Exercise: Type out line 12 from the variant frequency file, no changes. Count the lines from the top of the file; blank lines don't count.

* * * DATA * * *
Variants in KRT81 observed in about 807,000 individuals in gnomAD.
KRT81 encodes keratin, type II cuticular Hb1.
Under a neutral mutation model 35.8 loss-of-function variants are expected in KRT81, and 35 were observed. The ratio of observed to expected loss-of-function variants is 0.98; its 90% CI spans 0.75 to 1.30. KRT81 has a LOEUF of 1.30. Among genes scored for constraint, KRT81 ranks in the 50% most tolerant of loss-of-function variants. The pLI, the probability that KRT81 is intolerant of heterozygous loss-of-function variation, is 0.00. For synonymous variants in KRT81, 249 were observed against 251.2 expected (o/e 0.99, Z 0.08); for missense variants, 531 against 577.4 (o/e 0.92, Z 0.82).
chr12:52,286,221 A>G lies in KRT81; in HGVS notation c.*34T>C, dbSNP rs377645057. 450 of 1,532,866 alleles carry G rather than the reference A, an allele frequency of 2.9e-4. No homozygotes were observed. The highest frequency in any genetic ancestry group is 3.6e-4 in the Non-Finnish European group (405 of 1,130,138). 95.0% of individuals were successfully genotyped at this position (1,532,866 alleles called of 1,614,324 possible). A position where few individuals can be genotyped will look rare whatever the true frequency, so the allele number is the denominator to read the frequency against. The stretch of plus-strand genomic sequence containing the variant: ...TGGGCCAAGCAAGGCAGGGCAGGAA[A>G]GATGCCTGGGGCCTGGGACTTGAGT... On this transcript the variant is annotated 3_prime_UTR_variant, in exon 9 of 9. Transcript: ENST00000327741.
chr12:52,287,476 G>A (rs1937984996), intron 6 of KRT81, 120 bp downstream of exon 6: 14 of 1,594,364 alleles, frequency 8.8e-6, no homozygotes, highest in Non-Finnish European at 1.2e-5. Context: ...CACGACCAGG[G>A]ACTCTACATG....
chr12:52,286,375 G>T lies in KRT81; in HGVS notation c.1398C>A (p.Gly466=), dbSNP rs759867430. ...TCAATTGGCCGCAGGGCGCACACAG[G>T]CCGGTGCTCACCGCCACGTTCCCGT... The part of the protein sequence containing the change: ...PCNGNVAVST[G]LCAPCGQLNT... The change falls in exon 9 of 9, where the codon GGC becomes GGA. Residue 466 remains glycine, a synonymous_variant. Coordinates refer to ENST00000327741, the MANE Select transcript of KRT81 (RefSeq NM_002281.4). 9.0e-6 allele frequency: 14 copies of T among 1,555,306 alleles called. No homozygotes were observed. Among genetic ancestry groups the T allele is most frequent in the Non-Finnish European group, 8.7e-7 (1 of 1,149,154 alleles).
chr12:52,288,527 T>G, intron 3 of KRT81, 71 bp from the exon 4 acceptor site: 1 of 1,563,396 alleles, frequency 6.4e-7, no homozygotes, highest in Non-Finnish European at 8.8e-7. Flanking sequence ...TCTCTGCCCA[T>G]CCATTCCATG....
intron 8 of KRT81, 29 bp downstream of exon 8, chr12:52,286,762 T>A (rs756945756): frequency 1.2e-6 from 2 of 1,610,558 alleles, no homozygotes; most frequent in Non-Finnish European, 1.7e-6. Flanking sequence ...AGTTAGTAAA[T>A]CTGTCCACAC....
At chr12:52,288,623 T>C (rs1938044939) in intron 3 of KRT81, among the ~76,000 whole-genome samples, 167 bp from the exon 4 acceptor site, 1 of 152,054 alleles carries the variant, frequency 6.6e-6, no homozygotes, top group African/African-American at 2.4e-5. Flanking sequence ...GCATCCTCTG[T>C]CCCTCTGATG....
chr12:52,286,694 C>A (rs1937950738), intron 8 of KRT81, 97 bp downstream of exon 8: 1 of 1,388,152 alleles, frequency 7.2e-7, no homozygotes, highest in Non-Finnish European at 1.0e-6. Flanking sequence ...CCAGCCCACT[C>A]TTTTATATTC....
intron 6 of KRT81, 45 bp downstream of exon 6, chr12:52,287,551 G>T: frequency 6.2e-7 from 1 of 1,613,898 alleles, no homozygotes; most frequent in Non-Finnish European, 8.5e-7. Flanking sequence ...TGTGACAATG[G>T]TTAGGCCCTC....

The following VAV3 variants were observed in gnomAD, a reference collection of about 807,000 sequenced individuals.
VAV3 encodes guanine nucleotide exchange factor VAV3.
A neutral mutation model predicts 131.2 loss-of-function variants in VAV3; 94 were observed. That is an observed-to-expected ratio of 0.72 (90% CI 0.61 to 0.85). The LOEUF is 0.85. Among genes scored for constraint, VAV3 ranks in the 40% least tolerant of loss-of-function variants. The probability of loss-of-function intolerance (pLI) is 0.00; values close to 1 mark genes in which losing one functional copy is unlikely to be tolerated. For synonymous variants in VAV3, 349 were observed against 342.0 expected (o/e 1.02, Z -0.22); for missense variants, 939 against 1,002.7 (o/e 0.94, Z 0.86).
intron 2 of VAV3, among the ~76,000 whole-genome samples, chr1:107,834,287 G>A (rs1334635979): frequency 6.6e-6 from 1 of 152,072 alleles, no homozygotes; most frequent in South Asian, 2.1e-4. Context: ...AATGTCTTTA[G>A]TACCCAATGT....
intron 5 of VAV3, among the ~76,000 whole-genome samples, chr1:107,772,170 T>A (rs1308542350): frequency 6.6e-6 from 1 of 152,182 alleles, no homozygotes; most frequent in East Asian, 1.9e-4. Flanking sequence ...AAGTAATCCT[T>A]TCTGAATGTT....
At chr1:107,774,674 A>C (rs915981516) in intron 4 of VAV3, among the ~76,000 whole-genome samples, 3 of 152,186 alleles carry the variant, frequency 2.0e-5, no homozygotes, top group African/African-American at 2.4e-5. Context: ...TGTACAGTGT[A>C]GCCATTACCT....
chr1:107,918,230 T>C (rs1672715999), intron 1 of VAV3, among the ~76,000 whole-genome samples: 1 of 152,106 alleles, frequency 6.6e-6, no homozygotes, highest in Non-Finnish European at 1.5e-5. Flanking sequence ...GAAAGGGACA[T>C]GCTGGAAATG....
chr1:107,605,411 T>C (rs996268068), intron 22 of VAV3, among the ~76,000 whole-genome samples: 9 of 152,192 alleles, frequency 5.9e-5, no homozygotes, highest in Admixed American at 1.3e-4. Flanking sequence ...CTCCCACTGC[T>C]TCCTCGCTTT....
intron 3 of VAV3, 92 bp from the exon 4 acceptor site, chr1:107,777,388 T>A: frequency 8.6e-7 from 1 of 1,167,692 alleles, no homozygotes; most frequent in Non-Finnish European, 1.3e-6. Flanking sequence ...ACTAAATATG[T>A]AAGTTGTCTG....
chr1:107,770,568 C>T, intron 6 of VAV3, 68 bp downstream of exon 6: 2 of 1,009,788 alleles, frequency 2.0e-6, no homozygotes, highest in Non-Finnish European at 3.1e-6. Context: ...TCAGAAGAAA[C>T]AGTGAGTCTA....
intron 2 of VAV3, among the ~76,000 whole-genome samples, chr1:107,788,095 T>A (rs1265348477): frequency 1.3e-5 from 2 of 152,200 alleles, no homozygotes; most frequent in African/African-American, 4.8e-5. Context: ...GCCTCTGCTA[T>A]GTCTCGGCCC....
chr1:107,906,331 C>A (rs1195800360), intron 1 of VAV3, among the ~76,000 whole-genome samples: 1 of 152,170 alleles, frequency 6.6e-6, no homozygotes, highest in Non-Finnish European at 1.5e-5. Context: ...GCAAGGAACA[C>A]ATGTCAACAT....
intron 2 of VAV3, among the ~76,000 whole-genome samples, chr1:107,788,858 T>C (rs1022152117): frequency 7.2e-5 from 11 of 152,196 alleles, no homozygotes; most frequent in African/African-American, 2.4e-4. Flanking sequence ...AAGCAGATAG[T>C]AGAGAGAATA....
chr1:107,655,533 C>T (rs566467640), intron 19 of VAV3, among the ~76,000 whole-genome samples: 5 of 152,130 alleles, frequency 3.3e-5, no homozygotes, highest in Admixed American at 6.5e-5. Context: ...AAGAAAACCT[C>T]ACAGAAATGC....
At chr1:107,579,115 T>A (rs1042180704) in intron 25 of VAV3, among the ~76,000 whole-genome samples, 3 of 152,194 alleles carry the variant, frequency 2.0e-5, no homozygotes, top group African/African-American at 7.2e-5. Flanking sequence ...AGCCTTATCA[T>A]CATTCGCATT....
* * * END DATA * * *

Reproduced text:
The following VAV3 variants were observed in gnomAD, a reference collection of about 807,000 sequenced individuals.